Last week I was round my mum’s house when she got a phone call and when she uttered her friend’s name and then promptly ran out of the room with her worried voice in full effect I knew, deep down, what the call was about.
After she came back into the room and put the phone down I saved her the effort of needing to explain what the call was about.
My mate and I first met at primary school, I’d say about aged 4 and bonded over our interests in BMX bikes and He-Man.
He had Castle Greyskull. In fact he had all the bestest toys. I didn’t have toys to contribute to this relationship but I did have the vivid imagination that came with childhood. We spent most of school in a fairly large group (akin to a 6-person Stand By Me) and a good deal of the weekends and holidays were spent together due to us living close enough for our parents to trust us to go out on our own.
The bond between our families was curiously similar too, during our whole tenure of infant and primary school (up to 11 years old) we were the only kids whose parents had divorced and so both our mothers had bonded over that too, so much so that, come sleep-overs at each others houses; the line “and if you misbehave your mum have given me permission to smack you” was the promise made to each of us every time, not that it was every enacted.
My mate was always the more quiet and introverted one when we were at school or in a group but far more brash and fun-loving when with our mums. He was the first person to use my mum’s proper name, a fact that at that young age caused a bit of confusion “Who is this person whose name you are repeatedly mentioning?” being my usual internal dialogue.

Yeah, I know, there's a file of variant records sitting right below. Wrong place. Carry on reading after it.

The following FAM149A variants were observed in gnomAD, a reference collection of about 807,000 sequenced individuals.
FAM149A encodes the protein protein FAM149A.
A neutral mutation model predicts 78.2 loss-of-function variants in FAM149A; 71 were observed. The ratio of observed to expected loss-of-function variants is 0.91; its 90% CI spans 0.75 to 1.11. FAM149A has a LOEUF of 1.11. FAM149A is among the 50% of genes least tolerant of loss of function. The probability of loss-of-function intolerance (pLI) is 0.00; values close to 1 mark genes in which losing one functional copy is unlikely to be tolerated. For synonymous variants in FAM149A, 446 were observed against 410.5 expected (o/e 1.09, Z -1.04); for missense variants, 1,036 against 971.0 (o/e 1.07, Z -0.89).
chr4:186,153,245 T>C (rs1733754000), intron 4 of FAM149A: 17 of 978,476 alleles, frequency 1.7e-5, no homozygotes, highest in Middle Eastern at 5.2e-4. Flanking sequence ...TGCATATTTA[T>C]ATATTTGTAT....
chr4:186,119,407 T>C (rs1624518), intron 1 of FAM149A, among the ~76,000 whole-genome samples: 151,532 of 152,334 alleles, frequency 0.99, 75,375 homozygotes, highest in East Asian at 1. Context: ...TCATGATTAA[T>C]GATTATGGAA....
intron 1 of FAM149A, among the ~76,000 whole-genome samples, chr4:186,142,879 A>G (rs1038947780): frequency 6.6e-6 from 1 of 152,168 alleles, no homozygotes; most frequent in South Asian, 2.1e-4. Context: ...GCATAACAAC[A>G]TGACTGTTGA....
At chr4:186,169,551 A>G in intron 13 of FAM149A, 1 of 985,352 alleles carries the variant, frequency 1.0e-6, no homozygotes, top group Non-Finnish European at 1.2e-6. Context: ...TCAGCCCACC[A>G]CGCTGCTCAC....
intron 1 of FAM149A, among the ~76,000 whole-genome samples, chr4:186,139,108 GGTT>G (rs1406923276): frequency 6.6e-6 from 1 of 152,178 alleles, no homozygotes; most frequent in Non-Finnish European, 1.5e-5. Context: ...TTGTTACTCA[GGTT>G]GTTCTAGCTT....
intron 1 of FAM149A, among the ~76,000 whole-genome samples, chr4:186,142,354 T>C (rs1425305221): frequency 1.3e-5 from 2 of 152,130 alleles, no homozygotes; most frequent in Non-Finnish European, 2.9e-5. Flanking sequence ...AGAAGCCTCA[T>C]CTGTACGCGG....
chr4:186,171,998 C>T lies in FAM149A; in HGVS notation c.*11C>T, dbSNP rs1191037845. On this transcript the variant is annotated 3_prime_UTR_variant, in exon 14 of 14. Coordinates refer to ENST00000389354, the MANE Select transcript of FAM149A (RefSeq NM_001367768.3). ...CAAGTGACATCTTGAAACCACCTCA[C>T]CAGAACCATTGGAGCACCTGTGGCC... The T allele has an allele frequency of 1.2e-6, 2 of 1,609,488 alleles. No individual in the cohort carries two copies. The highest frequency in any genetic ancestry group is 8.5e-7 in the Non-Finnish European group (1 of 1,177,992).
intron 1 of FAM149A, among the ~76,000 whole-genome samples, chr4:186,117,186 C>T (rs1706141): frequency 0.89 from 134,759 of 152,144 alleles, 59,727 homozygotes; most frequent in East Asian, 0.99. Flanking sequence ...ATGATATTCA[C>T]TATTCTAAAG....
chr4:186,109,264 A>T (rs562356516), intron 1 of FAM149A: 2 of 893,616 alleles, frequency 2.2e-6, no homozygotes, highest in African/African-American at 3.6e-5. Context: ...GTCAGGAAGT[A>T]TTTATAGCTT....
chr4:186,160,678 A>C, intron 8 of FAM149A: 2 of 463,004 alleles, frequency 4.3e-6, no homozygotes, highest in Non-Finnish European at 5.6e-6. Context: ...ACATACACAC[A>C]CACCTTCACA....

We made daft tapes together. Me and him presenting radio programmes with silly characters, all of whom would probably have uncontrollable flatulence at some point during their “interviews”.
We went to the same high school, we were in the same form, but as we grew up and got put into different sets based on capabilities, the circle of friends we hung around in changed, we used to hang out and stay over, only they became less and less frequent.
Different colleges, different universities came and went but what was odd is that at least once a year we would bump into each other. Fate would have it that our paths would cross as each of us making our solitary journeys back to our own homes and that privacy would give us each a chance to chat and catch up, we were in our own world just like when we were kids.
Over this last week my mum began digging out old school photos, unlike myself and my friend, my mum and his mum had remained close.
The funeral was today, my first humanist ceremony and it was packed to the rafters. My mum was more upset than I was but talking to his mum gave them both some solace. His mum, like me, somehow knew this day would come; it was never going to make it any easier, she had had the misfortune to find him and what gave her comfort was that she could see in his face that he’d taken control, made his peace with himself and a world he was always off-kilter with and was now finally at peace.
He will now become another statistic in the gender and age-range that sees more suicides than any other and while a lot is made about depression and mental health and about talking about things and remaining positive there is always going to be a grim inevitability that surrounds certain people and sadly that is the thing those left behind have to come to terms with.
The way someone dies should never eclipse the way they lived.
To the larger world, a statistic he might be but to me he will always be Fiendish Fart-Head.
Thanks for reading.